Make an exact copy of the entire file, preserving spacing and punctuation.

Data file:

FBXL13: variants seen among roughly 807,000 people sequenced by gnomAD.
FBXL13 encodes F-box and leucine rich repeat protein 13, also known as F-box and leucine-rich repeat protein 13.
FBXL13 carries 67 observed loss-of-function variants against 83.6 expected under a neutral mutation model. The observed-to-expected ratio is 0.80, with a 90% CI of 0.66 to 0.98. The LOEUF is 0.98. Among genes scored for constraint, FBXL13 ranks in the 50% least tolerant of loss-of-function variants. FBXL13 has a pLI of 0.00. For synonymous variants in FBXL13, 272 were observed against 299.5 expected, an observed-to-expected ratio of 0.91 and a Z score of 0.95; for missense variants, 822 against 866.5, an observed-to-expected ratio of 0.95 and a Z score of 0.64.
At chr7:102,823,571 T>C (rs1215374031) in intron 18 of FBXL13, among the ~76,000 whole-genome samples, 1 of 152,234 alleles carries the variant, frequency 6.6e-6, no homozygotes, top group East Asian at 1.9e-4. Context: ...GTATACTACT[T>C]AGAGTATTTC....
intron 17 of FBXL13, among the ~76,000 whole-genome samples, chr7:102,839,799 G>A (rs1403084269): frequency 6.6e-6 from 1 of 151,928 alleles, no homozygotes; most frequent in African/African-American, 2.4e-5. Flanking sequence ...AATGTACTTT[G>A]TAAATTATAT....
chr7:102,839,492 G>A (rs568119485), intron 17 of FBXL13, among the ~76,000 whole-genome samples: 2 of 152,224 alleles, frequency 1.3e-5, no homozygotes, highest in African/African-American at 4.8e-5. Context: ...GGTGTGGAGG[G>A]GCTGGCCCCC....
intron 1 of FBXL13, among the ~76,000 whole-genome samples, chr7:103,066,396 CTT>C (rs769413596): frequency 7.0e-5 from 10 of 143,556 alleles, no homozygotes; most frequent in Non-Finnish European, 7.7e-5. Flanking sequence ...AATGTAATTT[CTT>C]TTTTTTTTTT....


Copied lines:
FBXL13: variants seen among roughly 807,000 people sequenced by gnomAD.
FBXL13 encodes F-box and leucine rich repeat protein 13, also known as F-box and leucine-rich repeat protein 13.
FBXL13 carries 67 observed loss-of-function variants against 83.6 expected under a neutral mutation model. The observed-to-expected ratio is 0.80, with a 90% CI of 0.66 to 0.98. The LOEUF is 0.98. Among genes scored for constraint, FBXL13 ranks in the 50% least tolerant of loss-of-function variants. FBXL13 has a pLI of 0.00. For synonymous variants in FBXL13, 272 were observed against 299.5 expected, an observed-to-expected ratio of 0.91 and a Z score of 0.95; for missense variants, 822 against 866.5, an observed-to-expected ratio of 0.95 and a Z score of 0.64.
At chr7:102,823,571 T>C (rs1215374031) in intron 18 of FBXL13, among the ~76,000 whole-genome samples, 1 of 152,234 alleles carries the variant, frequency 6.6e-6, no homozygotes, top group East Asian at 1.9e-4. Context: ...GTATACTACT[T>C]AGAGTATTTC....
intron 17 of FBXL13, among the ~76,000 whole-genome samples, chr7:102,839,799 G>A (rs1403084269): frequency 6.6e-6 from 1 of 151,928 alleles, no homozygotes; most frequent in African/African-American, 2.4e-5. Flanking sequence ...AATGTACTTT[G>A]TAAATTATAT....
chr7:102,839,492 G>A (rs568119485), intron 17 of FBXL13, among the ~76,000 whole-genome samples: 2 of 152,224 alleles, frequency 1.3e-5, no homozygotes, highest in African/African-American at 4.8e-5. Context: ...GGTGTGGAGG[G>A]GCTGGCCCCC....
intron 1 of FBXL13, among the ~76,000 whole-genome samples, chr7:103,066,396 CTT>C (rs769413596): frequency 7.0e-5 from 10 of 143,556 alleles, no homozygotes; most frequent in Non-Finnish European, 7.7e-5. Flanking sequence ...AATGTAATTT[CTT>C]TTTTTTTTTT....